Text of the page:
Warm weather marks the start of Lyme Disease
Tuesday, May 28, 2013 10:00 PM
The arrival of warm weather this year means we have to start worrying a little bit about Lyme Disease. Most people are aware of the association between tick bites and Lyme disease, but few know exactly what Lyme disease is or what causes it.
Lyme Disease was named in the late 1970s when an outbreak of arthritis in children occurred around the town of Lyme, Connecticut. The actual disease has been described since the early 1900s.
Ticks are not the causative agent in the disease though they do carry the organism that does cause it - the spirochete Borrelia burgdorferi. Spirochetes are bacteria that have a spiral shape. Another common misconception is that any tick can spread B. burgdorferi infection, when in fact the organisms are carried only by Ixodes (deer) ticks. The accompanying photo shows a deer tick on a fingernail - they are very small.
Fortunately for our readers, Lyme disease is not common in central Indiana. It is mostly found in New England as well as Wisconsin and Minnesota. When a case does occur in Indiana, the news spreads rapidly, sometimes inciting panic. Most infections (85 percent) are seen in the spring and summer with the remainder in the fall.
The B. burgdorferi organism infects mainly field mice and white tailed deer during its various life stages. Humans are innocent bystanders when we wander into deer habitat. The ticks lie in wait on the tips of grasses and shrubs and crawl onto us as we brush by. They then crawl about until they find a nice tender spot where they attach and begin to feed.
The risk of contracting B. burgdorferi is very small until the tick has been attached and feeding for two to three days. Not everyone will develop clinically significant Lyme disease if they are infected.
Lyme Disease has three stages. The first two stages are termed "early infection," and the third is called "late infection." The signs and symptoms are quite different during each stage.
Stage 1 consists of signs near the point of attachment of the tick. A characteristic rash called erythema chronicum migrans (ECM) usually develops. The rash is red (erythema), lasts for a few weeks (chronicum) and tends to enlarge or migrate with time (migrans).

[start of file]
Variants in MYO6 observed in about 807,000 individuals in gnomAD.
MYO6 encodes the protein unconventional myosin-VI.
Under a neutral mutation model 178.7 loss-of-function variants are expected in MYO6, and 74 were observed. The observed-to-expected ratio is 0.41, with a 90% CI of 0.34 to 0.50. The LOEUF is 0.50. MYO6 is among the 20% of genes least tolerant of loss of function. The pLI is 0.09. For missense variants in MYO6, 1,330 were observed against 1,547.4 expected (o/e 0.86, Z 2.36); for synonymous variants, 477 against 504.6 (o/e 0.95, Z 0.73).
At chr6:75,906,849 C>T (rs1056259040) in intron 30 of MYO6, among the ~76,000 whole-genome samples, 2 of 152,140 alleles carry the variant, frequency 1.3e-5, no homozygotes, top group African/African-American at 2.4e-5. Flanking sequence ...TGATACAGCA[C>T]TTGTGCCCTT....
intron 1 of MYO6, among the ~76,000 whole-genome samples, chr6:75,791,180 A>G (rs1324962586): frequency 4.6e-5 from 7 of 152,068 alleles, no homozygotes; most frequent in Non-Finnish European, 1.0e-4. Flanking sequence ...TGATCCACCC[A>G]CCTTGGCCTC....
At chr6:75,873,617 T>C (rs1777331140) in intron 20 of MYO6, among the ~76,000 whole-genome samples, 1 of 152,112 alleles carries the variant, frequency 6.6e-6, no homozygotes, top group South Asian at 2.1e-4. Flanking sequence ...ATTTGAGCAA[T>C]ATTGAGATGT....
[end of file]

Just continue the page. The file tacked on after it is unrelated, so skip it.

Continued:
Stage 2 involves disseminated (away from the bite) signs and symptoms. This stage can involve virtually any tissue, but signs and symptoms are usually found in the joints, nervous system and heart. Two-thirds of people develop arthritis that can occur in various joints and may migrate between joints. Nerve weakness as well as numbness and tingling may occur in the nerves of the face and elsewhere. Infection of the heart can cause rhythm problems.
Step 3, or late infection, can present up to a year after the organism invades the body. Approximately ten percent of people develop chronic arthritis, usually of the knee. They can also develop infection of the brain and spinal cord. Severe chronic malaise and fatigue can also result.
Testing for Lyme disease is very controversial. There is no standardized antibody test and the tests also are frequently falsely positive or negative. The CDC recommends that anyone with a positive test have it confirmed with a more specific test called a western blot. People with neurologic symptoms may require a spinal tap to look for infection.
Treatment for Lyme disease is fairly straightforward. Most people are treated with the antibiotic doxycycline. The length of treatment varies based on the stage and extent of infection. Some people with severe involvement may require hospitalization. This is most common with heart problems.
Simple steps can be taken to limit your risk of contracting Lyme disease. Even though Lyme disease is rare in Indiana, you should consider covering up when you're in the woods. This includes wearing a long shirt and pants as well as a hat. You should do a full body check for ticks after you've been in the woods and apply insect repellent with at least 30 percent DEET when going outdoors.
Removal of ticks can be tricky. You need to get a fine pair of tweezers and grasp the tick's head as close to the skin surface as possible and pull slowly and gently until the tick lets go. You should place the tick in alcohol for identification if needed. If you can't remove the tick, call your doctor.
Dr. John Roberts is a Crawfordsville physician and one of the owners of The Paper. In addition to his weekly column, he writes a Daily Health Tip on page A1.